I was moving fast but this trail weaved and zigged endlessly. I finally went through Hurah pass and was getting closer.
At this point I made a mistake. I noticed that Moab was to the left of the track, but I did not see any trails on my gps map that might let me do a shortcut. I double checked that my zoom level was right to show trail detail but still no additional trail data but my track. I didn't really know where i was so perhaps this was the only trail through.
What I did wrong was that I usually run my 276C gps that shows detail at a wider zoom level, but this time i had my 60csx which has to be zoomed in more to show that detail. oops. Turns out that there were lots of other trails and short cuts to moab, but I was not seeing them on my gps, so I proceeded on our track.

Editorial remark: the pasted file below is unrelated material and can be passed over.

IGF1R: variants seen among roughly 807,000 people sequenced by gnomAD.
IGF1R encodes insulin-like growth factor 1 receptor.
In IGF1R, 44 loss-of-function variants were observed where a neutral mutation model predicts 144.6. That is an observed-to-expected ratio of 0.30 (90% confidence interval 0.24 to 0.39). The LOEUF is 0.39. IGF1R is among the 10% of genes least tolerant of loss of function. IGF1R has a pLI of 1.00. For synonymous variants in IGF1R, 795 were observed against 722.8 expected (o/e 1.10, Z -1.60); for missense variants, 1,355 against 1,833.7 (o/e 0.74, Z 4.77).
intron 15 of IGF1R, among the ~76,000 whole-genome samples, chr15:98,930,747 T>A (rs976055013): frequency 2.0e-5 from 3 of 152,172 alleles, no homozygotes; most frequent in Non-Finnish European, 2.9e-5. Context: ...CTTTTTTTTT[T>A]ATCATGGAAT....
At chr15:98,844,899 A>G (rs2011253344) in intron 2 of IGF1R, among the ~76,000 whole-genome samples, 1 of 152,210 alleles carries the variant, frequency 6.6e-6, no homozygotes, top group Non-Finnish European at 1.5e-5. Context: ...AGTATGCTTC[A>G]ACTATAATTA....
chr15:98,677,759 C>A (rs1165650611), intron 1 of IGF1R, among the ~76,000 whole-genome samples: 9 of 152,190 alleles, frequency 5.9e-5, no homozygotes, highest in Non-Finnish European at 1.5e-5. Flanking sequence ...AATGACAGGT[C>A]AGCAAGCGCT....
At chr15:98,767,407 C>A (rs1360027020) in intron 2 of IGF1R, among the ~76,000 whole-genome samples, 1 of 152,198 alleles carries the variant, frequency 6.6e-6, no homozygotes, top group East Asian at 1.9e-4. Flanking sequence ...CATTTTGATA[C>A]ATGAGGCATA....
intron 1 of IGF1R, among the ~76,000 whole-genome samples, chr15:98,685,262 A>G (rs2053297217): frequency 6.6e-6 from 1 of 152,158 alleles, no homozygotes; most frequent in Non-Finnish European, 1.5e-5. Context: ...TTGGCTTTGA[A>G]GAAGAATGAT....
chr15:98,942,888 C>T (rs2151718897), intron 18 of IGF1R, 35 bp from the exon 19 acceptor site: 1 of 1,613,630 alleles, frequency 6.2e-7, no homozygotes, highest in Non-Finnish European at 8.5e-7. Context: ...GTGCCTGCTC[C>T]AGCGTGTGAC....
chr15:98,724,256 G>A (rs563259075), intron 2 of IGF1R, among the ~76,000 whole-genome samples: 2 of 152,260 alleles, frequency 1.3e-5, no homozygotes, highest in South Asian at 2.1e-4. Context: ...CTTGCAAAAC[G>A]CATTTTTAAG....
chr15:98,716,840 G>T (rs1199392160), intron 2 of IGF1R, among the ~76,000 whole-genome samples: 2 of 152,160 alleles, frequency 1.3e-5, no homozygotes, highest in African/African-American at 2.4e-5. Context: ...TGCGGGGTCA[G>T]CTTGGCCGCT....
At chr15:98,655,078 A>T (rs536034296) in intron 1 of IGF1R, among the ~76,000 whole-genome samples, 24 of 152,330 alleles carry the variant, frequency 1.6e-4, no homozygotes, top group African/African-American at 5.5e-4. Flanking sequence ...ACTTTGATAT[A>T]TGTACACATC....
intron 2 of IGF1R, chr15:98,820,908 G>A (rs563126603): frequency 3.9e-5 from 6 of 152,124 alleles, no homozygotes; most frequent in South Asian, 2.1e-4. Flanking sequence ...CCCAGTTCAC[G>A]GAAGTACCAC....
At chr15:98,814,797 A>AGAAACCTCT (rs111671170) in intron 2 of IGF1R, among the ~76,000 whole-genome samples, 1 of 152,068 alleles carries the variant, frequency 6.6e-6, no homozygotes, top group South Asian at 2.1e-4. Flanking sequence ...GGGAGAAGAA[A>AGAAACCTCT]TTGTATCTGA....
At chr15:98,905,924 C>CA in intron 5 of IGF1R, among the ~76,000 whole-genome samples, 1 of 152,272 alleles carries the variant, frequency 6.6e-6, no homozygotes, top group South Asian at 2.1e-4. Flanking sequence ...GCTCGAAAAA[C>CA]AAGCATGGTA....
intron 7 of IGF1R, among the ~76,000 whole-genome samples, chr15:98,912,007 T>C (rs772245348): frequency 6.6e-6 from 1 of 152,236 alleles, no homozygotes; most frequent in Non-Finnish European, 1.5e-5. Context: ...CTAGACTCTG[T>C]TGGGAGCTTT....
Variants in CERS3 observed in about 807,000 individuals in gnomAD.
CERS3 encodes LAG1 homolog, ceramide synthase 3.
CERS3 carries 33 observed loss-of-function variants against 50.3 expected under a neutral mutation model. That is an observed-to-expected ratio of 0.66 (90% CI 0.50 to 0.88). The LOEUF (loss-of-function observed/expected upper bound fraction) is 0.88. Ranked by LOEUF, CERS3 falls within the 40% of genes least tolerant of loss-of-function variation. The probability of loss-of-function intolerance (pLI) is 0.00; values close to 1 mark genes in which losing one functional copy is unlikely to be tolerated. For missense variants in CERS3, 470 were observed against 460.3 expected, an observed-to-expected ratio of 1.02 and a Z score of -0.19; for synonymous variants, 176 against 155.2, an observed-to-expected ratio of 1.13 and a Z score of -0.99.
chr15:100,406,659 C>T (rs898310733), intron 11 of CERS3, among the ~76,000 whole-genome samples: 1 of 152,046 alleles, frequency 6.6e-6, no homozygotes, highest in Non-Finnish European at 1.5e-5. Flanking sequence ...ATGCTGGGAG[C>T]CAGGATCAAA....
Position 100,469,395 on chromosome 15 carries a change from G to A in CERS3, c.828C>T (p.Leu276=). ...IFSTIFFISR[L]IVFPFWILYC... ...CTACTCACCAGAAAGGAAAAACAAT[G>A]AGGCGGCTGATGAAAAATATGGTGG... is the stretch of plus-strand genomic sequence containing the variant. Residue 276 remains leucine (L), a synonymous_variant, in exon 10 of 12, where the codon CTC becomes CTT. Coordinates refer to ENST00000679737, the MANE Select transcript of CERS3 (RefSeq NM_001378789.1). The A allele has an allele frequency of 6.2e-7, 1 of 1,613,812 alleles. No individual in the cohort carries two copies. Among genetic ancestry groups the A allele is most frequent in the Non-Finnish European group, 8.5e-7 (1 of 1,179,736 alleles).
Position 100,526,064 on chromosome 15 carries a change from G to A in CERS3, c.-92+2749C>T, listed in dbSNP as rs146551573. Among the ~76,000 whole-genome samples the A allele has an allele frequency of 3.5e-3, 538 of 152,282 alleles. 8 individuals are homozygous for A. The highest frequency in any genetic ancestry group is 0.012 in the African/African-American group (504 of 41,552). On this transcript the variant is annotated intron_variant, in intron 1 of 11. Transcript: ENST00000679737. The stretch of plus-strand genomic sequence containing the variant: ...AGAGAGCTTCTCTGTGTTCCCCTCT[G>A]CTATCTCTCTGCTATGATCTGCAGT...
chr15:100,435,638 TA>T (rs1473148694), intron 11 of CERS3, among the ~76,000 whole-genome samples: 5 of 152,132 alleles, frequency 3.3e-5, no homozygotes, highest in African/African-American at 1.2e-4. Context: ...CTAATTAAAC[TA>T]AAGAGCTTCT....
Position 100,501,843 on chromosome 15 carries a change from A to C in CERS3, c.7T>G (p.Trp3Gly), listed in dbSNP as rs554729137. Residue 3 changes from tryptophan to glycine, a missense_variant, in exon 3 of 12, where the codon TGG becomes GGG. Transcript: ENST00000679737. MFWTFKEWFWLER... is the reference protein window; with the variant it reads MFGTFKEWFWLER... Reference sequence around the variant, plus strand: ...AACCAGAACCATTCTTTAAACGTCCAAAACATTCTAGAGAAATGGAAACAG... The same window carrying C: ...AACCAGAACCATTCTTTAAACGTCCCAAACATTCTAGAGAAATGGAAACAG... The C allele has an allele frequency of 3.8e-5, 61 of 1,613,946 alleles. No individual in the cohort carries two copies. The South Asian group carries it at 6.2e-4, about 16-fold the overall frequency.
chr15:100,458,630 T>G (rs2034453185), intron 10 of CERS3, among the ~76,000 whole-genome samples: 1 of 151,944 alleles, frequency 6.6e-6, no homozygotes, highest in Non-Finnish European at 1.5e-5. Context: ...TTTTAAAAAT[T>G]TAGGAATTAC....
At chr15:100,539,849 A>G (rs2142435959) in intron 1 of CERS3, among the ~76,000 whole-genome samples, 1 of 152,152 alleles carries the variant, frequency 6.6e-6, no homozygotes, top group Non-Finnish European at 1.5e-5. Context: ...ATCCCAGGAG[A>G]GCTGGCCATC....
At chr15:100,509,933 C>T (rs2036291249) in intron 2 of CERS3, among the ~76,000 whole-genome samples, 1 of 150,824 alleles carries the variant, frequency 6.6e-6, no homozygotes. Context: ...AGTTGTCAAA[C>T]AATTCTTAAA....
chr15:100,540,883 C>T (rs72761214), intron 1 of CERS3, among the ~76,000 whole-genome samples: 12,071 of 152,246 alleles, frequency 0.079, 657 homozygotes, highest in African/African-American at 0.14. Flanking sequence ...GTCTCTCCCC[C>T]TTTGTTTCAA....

I was still having a blast and the trail became more challenging as I progressed. Eventually I dropped into a river bed which seemed to be on or beside the trail. Things started to get muddy. I kept thinking maybe the real trail was just beside this river as the gps track did not quite match the river plot on the gps. Things started to get more muddy and I stopped at what looked to me a bit of a sketchy mud bog. I assesed it and actually turned around and figured I'd backtrack and look for the real trail. I started back and some variables went through my mind. Matt and Kelly have these tracks so they must have gone through here a year before, and I'm sure I can ride it if they did it 2 up. Then was the variable of that whiskey that I could be sipping sooner. I was just 15 miles as the crow flys from the end of the track on a hwy so I'm almost there!
I turned around again, and proceeded to tackle the mud bog. I hit that bog..
Oh oh. I got stuck. I ride a lot of mud and I knew right away this was bad. Soft, quicksand under the water. The kind of mud that if you step in it, it sucks your shoe off.